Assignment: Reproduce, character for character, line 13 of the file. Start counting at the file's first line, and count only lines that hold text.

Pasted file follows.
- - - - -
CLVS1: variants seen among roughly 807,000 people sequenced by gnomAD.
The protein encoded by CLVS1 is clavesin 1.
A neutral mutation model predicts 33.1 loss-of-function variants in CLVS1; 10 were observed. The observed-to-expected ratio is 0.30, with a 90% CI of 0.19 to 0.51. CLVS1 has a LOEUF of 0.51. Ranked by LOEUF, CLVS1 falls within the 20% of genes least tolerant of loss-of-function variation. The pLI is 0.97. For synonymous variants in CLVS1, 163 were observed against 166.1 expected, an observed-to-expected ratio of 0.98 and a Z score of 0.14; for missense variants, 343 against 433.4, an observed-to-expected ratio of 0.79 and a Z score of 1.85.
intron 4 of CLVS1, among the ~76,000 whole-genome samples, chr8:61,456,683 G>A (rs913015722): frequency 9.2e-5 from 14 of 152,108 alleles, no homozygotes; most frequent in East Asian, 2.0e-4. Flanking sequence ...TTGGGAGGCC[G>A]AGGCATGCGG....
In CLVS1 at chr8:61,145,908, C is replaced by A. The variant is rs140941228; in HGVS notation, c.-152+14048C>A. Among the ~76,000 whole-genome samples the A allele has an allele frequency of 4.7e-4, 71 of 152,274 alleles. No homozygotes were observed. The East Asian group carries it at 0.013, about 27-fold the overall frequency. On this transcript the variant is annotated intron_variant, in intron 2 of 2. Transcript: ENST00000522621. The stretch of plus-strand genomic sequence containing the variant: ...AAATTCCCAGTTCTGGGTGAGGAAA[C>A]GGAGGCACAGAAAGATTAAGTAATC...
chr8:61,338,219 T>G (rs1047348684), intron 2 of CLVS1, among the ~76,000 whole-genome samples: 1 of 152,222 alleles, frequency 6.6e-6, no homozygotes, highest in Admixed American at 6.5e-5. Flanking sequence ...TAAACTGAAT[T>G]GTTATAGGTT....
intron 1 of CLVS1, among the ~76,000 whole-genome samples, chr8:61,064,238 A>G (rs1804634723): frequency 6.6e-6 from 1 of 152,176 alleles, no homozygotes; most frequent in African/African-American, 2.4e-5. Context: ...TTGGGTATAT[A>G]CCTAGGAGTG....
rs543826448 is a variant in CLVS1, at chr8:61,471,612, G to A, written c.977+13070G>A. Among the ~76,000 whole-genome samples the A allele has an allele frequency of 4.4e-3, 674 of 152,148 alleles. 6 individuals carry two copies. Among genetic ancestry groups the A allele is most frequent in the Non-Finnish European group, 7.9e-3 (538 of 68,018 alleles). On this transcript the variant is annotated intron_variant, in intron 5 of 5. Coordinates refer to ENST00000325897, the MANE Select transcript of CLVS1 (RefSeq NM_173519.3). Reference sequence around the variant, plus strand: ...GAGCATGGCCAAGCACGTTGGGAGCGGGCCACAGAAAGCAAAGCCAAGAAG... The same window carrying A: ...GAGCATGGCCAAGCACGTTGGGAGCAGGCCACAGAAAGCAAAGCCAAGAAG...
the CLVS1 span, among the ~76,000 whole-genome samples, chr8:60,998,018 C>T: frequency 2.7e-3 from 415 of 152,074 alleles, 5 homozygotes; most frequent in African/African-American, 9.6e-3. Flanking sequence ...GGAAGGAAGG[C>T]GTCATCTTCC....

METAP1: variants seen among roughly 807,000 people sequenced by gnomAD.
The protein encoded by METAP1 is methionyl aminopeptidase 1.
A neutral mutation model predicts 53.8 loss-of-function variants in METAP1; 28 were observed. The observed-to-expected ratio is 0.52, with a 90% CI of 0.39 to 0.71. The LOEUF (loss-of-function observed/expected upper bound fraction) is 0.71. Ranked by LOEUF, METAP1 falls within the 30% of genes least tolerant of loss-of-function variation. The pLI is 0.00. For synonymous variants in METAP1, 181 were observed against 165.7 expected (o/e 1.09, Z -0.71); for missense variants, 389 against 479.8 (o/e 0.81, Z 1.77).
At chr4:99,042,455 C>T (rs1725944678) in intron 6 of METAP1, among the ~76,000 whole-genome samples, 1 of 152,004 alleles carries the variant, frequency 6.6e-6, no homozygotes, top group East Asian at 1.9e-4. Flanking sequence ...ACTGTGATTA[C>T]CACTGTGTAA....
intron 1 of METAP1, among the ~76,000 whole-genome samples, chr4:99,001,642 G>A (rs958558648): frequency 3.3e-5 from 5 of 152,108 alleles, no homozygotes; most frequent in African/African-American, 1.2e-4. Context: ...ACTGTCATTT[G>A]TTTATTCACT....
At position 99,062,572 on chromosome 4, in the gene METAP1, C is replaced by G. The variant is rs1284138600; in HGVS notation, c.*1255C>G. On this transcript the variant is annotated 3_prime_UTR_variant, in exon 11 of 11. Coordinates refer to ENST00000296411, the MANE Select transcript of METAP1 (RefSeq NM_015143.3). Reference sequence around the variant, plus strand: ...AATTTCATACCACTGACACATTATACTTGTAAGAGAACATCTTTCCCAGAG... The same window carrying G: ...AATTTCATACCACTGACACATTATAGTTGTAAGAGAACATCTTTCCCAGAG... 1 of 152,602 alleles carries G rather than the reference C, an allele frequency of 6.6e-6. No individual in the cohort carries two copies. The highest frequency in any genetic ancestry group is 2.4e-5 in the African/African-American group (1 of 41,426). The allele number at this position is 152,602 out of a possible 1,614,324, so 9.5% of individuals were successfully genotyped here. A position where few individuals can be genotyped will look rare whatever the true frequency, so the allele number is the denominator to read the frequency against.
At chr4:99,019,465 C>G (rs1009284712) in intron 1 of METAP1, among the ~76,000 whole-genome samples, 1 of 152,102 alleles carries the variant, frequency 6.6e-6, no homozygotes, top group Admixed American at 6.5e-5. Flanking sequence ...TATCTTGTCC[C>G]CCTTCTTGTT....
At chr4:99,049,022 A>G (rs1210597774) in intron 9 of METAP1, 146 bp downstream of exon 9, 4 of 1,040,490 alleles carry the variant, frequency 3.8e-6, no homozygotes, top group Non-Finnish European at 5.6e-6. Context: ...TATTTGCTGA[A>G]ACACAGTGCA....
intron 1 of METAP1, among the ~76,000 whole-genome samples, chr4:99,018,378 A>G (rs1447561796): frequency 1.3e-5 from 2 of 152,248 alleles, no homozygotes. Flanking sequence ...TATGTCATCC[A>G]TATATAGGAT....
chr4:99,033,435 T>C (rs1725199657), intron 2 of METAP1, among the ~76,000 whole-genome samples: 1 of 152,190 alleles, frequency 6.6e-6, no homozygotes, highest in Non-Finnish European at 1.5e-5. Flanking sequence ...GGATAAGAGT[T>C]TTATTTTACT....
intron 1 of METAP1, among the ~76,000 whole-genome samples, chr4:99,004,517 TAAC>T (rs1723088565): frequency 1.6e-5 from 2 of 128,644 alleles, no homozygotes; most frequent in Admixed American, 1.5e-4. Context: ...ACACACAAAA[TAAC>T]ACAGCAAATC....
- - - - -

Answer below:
At chr4:99,042,455 C>T (rs1725944678) in intron 6 of METAP1, among the ~76,000 whole-genome samples, 1 of 152,004 alleles carries the variant, frequency 6.6e-6, no homozygotes, top group East Asian at 1.9e-4. Flanking sequence ...ACTGTGATTA[C>T]CACTGTGTAA....